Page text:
Sunday 29 March 2020

COVID-19: the need for more random testing combined with causal modelling

We know some strawberry flavoured sweets are contaminated. But, if wrapper colour is not a reliable indicator of the flavour of sweet it contains, what do we learn about the proportions of strawberry and contaminated sweets if we only test sweets with red wrappers?

The current COVID-19 strategic testing strategies - implemented to inform policy making - focus primarily on people already hospitalized with significant symptoms or on people most at risk. This seems to make sense for short-term medical reasons, but such testing is highly biased with sub-optimal consequences. Without understanding the causal explanations for the resulting data from such testing we end up with highly misleading conclusions about infection and death rates. Starting with an analogy of testing sweets for contamination, this short paper illuminates the need for random testing combined with causal models:
Fenton N E, Osman M, Neil M, McLachlan S, "Improving the statistics and analysis of coronavirus by avoiding bias in testing and incorporating causal explanations for the data"
2 April 2020 UPDATE: A revised and edited version of this article now appears as the lead story on The Conversation

Sunday 15 March 2020

Simpson's paradox again: fixing an example from Pearl's "Book of Why" (with video)

I've written about Simpson's paradox before. Given its importance in highlighting the need for causal explanations of observed data, I've been using it to motivate students on my new module on risk assessment and decision analysis for data science.  I have put together a couple of videos with examples to explain it graphically (see below). I wanted to base one of the videos on the example of 'exercise v cholesterol' presented in the excellent "Book of Why" by Pearl and Mackenzie:

But it turns out there is a problem with this example. It assumes that in the 'data' in the real world (the left hand figure), older people are the ones who do most exercise. This is clearly not the case. At first I thought this was due to a simple ‘typo’ in that they labelled the age groups the wrong way round (i.e. the 10 – 20 – 30 – 40 – 50 age groups should be reversed). But if you reverse them you hit a different error – this time it would show that older people have lower cholesterol than young people, which is again clearly wrong. So whichever way you spin this, the example simply does not make sense in the ‘real world’ because it does not make sense for the chosen attributes.

However, the example can be 'fixed' by considering instead 'exercise v junk food consumption' because - in the real world - it is the case that older people not only exercise less than younger people but they also eat less junk food. (**22 March 2020 UPDATE

I have prepared a (6-minute) video using this example:

And here is another video (5-minutes) explaining a more common example of Simpson's paradox:

**22 March 2020 update: It seems that in some age categories there might be a problem also with my assumption. My colleague Marko Tesic points out:
I’m just wondering about the relationship between exercise and junk food intake within each age group. I’m not sure the association is negative for each age group (although I do think that when considering the whole population this association is positive). People who exercise often eat quite a lot: the more people are active the more fuel their body needs to recover, in particular if people want to gain muscle weight (which is often the case with young people). Now, it’s not unlikely that a bunch of the food that people who excise eat is actually junk food. The attached paper suggests exactly that. Namely, they find that many people, in particular young people, indulge in junk food after exercise. So I think that the association between exercise and junk food intake may not be negative within each age group. Rather, it’s perhaps positive for teenagers and young adults, close to no association for mature adults and negative for pensioners. This is still interesting as it’d be showing that the general population association does not hold in all age groups and that there’s a partial (rather than complete) reversal in the association.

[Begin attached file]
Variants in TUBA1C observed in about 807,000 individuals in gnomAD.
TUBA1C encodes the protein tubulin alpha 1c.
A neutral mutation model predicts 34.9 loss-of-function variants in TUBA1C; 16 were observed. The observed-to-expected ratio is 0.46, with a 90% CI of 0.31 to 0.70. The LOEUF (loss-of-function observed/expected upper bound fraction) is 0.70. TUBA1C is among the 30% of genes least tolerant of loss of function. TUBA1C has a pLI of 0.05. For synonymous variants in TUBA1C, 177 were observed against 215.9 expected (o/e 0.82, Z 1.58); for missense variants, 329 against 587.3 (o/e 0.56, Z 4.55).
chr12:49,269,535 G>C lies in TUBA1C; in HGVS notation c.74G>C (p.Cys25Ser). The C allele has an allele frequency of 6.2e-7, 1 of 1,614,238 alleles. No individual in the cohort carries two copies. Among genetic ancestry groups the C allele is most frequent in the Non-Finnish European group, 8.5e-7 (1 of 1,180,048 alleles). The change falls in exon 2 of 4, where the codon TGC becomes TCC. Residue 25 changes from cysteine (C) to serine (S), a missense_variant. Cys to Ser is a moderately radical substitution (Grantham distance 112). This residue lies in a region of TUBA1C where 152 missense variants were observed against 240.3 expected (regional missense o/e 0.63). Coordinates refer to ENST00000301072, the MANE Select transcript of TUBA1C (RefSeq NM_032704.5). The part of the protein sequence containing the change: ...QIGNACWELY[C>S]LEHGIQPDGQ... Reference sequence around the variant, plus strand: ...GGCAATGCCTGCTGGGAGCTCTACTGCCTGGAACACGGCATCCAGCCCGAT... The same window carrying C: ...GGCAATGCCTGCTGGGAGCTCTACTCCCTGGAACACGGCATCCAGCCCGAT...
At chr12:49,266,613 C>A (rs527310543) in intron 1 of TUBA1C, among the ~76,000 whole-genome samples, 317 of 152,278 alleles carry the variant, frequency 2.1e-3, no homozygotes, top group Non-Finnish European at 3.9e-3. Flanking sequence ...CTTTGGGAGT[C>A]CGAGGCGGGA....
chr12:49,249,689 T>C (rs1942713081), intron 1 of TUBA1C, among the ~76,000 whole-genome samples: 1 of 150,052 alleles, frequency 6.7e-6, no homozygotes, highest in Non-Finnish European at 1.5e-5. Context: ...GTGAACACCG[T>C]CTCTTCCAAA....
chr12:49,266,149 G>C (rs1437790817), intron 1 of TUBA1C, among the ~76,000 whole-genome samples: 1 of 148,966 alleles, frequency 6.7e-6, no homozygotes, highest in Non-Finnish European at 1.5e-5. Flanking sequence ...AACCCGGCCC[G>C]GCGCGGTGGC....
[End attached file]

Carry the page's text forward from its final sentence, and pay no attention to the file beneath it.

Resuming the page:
Simone Dohle, Brian Wansink, and Lorena Zehnder (2014). Exercise and Food Compensation: Exploring Diet-related Beliefs and Behaviors of Regular Exercisers.Journal of Physical Activity and Health doi:

See also:

Friday 13 March 2020

In the UK football was always going to be the tipping point for Coronavirus risk mitigation

Yesterday the PM announced the importance of not cancelling major sporting events; and the Premier League announced there would certainly be no cancellations of this weekend's matches. But anybody with any football knowledge knew that - whatever the Government's risk mitigation plans were for Coronovirus - they would become irrelevant if a single high profile Premiership player or manager became infected. 
As soon as it was confirmed that Arsenal manager Mikel Arteta had the virus last night, it was inevitable that a total shutdown of all professional football would start and that is precisely what has happened. Again, anybody with any UK football knowledge knows that this is also a game-changer as far as the whole UK economy is concerned. Millions who were previously unmoved to make any changes will voluntarily go into lock-down after panic buying (see the above immediate response). 
Note that nothing much changed when it was announced that the Government's own Health Minister got the virus a few days ago. But one key football person getting it was the single trigger for mass change.

I can only assume that the Government risk experts/advisors did not include a single person with football knowledge.....

p.s. from a purely selfish perspective, as a Spurs fan, I am delighted that - by the time the Premiership resumes - we might have some of these players fit again..